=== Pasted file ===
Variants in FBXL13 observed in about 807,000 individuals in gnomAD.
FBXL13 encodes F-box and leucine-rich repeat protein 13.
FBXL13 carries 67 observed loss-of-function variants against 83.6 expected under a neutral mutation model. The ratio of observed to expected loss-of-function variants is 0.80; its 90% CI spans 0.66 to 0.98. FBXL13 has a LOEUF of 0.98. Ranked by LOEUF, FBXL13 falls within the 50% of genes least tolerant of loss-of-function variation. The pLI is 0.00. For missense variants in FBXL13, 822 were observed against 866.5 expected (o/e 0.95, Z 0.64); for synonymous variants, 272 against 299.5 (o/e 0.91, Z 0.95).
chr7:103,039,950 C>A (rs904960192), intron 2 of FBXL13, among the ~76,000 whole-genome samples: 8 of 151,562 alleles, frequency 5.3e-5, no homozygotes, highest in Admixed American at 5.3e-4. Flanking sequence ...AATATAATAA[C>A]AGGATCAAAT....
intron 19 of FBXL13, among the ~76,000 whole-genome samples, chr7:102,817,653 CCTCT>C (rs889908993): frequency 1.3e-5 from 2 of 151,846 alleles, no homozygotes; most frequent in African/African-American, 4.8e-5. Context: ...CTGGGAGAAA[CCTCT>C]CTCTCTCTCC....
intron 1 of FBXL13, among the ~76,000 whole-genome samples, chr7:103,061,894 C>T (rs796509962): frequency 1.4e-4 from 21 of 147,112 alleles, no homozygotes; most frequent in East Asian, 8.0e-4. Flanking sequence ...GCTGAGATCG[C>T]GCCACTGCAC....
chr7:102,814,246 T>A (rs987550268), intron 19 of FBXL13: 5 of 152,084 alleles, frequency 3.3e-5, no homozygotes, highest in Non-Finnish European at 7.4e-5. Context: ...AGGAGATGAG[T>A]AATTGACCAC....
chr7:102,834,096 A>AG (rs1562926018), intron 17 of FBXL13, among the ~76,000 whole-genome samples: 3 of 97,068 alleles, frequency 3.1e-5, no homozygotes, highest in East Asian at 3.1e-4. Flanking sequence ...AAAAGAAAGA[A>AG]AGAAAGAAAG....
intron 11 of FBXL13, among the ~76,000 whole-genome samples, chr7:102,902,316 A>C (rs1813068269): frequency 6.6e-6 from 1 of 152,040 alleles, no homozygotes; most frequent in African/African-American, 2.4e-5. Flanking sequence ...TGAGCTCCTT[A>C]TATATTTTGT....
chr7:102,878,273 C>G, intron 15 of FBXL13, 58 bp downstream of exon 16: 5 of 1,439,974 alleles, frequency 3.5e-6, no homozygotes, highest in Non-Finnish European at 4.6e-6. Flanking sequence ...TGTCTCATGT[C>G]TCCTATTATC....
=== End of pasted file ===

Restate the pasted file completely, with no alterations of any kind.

Variants in FBXL13 observed in about 807,000 individuals in gnomAD.
FBXL13 encodes F-box and leucine-rich repeat protein 13.
FBXL13 carries 67 observed loss-of-function variants against 83.6 expected under a neutral mutation model. The ratio of observed to expected loss-of-function variants is 0.80; its 90% CI spans 0.66 to 0.98. FBXL13 has a LOEUF of 0.98. Ranked by LOEUF, FBXL13 falls within the 50% of genes least tolerant of loss-of-function variation. The pLI is 0.00. For missense variants in FBXL13, 822 were observed against 866.5 expected (o/e 0.95, Z 0.64); for synonymous variants, 272 against 299.5 (o/e 0.91, Z 0.95).
chr7:103,039,950 C>A (rs904960192), intron 2 of FBXL13, among the ~76,000 whole-genome samples: 8 of 151,562 alleles, frequency 5.3e-5, no homozygotes, highest in Admixed American at 5.3e-4. Flanking sequence ...AATATAATAA[C>A]AGGATCAAAT....
intron 19 of FBXL13, among the ~76,000 whole-genome samples, chr7:102,817,653 CCTCT>C (rs889908993): frequency 1.3e-5 from 2 of 151,846 alleles, no homozygotes; most frequent in African/African-American, 4.8e-5. Context: ...CTGGGAGAAA[CCTCT>C]CTCTCTCTCC....
intron 1 of FBXL13, among the ~76,000 whole-genome samples, chr7:103,061,894 C>T (rs796509962): frequency 1.4e-4 from 21 of 147,112 alleles, no homozygotes; most frequent in East Asian, 8.0e-4. Flanking sequence ...GCTGAGATCG[C>T]GCCACTGCAC....
chr7:102,814,246 T>A (rs987550268), intron 19 of FBXL13: 5 of 152,084 alleles, frequency 3.3e-5, no homozygotes, highest in Non-Finnish European at 7.4e-5. Context: ...AGGAGATGAG[T>A]AATTGACCAC....
chr7:102,834,096 A>AG (rs1562926018), intron 17 of FBXL13, among the ~76,000 whole-genome samples: 3 of 97,068 alleles, frequency 3.1e-5, no homozygotes, highest in East Asian at 3.1e-4. Flanking sequence ...AAAAGAAAGA[A>AG]AGAAAGAAAG....
intron 11 of FBXL13, among the ~76,000 whole-genome samples, chr7:102,902,316 A>C (rs1813068269): frequency 6.6e-6 from 1 of 152,040 alleles, no homozygotes; most frequent in African/African-American, 2.4e-5. Flanking sequence ...TGAGCTCCTT[A>C]TATATTTTGT....
chr7:102,878,273 C>G, intron 15 of FBXL13, 58 bp downstream of exon 16: 5 of 1,439,974 alleles, frequency 3.5e-6, no homozygotes, highest in Non-Finnish European at 4.6e-6. Flanking sequence ...TGTCTCATGT[C>G]TCCTATTATC....